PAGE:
What is one to make of all this? About 10 years ago I unburdened myself on this topic in a small book entitled Faith Rediscovered: Coming Home to Catholicism, which was commissioned by Paulist Press to provide a brief work to hand people returning to the practice of their faith. What I discovered as a teacher/theologian and parent trying to keep my own adolescents connected to church life was a variety of things.


First is that many people do not “lose” their faith; they simply give up a certain form of behavior in which they have been socialized. A young person may be “socialized” into certain forms of actions (going to mass, praying before meals) because that is what the family does. But, not having made any personal commitment to that form of life, they simply slough it off when they leave that environment…as easily as they stop participating in an organized sport or quit listening to a certain kind of music.


These young people have never really made an act of faith. They’ve simply followed a certain behavior pattern to which they have no personal or deep allegiance. Many, in short, become inactive during this stage in their lives and see it as “growing up.”


Second, others give up the practice of their faith because there is a dissonance between who they are or how they perceive themselves and what the demands of the church seem to indicate they ought to be. Thus, a fairly significant number of highly educated young women in this country find the church, rightly or wrongly, an oppressive institution. The disaffection of some professional women should be no secret; women who have had to struggle for their legitimate place, for example, in the professions are hardly likely to be comfortable in an institution which seems to them paternal or patronizing.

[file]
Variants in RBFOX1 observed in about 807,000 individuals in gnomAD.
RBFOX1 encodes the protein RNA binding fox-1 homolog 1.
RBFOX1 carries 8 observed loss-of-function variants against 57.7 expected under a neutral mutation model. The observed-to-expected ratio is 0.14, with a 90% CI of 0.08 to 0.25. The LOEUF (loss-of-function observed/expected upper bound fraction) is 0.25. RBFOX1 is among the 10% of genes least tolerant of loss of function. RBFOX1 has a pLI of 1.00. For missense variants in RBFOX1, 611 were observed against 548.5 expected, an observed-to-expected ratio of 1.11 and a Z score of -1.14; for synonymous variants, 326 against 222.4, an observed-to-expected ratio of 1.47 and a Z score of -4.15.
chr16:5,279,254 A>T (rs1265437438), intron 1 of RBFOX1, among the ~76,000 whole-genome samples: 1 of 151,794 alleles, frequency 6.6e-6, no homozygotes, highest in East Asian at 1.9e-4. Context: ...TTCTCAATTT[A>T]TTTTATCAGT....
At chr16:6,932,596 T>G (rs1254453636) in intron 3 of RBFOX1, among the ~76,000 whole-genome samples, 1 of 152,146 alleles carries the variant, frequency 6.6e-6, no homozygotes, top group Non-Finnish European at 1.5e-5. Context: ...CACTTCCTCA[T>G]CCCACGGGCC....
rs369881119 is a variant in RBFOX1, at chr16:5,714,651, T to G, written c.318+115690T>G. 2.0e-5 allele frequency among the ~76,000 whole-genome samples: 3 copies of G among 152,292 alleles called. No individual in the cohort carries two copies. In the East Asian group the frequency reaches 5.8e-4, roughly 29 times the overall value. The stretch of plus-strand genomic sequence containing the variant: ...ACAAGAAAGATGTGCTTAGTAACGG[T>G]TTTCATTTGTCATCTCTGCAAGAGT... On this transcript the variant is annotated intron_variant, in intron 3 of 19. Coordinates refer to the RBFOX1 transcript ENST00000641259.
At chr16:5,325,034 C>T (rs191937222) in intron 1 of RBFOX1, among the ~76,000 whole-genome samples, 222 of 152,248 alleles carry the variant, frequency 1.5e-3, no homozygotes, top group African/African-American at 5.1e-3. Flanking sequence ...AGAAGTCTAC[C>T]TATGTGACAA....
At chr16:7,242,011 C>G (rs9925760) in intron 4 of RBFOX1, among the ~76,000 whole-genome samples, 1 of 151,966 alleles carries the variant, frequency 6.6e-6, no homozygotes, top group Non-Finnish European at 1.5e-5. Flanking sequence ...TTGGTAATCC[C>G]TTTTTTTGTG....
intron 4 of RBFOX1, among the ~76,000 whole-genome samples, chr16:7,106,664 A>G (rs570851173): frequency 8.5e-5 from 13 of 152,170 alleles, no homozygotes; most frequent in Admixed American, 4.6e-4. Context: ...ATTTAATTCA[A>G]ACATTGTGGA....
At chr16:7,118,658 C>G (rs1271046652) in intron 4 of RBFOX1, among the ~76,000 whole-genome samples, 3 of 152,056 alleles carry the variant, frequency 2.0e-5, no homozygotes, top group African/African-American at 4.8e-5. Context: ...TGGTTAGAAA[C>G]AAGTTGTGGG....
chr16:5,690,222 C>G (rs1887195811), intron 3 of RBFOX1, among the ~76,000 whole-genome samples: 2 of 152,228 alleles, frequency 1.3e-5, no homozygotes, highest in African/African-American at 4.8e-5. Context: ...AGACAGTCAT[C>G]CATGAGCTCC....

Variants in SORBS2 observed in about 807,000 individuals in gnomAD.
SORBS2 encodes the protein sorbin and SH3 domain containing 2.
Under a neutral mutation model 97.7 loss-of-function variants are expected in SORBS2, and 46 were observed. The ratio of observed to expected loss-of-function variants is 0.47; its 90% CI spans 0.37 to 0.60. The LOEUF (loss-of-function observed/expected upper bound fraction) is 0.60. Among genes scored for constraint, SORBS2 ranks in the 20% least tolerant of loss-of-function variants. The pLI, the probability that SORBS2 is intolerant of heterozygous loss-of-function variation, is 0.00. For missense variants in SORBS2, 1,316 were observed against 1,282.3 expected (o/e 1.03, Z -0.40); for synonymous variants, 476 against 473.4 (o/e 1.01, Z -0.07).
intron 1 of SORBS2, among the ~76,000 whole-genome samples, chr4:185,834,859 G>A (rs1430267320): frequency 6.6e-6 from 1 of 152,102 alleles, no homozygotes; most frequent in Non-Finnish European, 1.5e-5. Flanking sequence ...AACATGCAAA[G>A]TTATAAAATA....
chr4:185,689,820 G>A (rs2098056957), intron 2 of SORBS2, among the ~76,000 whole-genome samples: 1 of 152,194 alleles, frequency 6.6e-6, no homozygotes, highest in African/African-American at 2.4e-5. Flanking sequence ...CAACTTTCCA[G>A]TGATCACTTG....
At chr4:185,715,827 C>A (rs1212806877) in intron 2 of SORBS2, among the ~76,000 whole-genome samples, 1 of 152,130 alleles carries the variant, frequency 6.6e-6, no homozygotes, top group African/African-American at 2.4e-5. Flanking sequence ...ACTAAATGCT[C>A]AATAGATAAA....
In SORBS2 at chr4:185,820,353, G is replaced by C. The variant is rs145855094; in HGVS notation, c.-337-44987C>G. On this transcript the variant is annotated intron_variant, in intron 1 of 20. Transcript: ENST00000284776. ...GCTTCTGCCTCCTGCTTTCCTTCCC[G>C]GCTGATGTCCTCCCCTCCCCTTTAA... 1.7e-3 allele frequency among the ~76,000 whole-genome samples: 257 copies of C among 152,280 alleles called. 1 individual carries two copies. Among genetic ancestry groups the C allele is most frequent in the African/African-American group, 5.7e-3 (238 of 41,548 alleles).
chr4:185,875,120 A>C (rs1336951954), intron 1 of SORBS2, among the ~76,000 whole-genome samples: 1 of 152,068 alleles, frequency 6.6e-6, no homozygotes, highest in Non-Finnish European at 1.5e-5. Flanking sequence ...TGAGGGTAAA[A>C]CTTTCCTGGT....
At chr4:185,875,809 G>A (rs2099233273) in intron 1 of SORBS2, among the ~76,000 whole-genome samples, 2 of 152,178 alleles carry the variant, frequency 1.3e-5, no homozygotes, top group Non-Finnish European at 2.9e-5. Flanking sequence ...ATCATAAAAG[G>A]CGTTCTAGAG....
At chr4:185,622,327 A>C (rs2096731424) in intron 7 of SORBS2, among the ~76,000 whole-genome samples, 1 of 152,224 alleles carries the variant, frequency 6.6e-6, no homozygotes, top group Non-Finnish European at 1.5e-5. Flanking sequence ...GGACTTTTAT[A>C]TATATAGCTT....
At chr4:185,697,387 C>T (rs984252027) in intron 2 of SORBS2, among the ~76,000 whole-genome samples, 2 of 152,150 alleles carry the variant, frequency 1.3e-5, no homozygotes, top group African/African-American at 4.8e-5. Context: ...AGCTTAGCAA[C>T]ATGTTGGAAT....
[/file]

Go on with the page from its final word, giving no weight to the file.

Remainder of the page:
Married people may find the church’s teaching on birth control wildly at variance with their own experiences as parents. Still others have been injured by the actual experiences they have had with their local Catholic community. They find the church racist or uncaring or excessively moralistic.


Third, many people do not discover in their specific church the resources to nurture their desire for prayer or the paths to a deeper spirituality or the instruments to help them find contentment in their lives. The fact that many young inactive Catholics turn to the church at marriage or when having children or during a crisis indicates a deep residual belief or hope that the church does, in fact, have the resources to help them—even when they have not had this sense in the ordinary day-by-day experiences of life.


Active Catholics ought to meditate long and hard on the fact that “spiritual” writers attract enormous audiences. These readers hunger for some schema of nurturing spirituality, as authors like Scott Peck and Thomas Moore know (to the immense benefit of their financial well-being).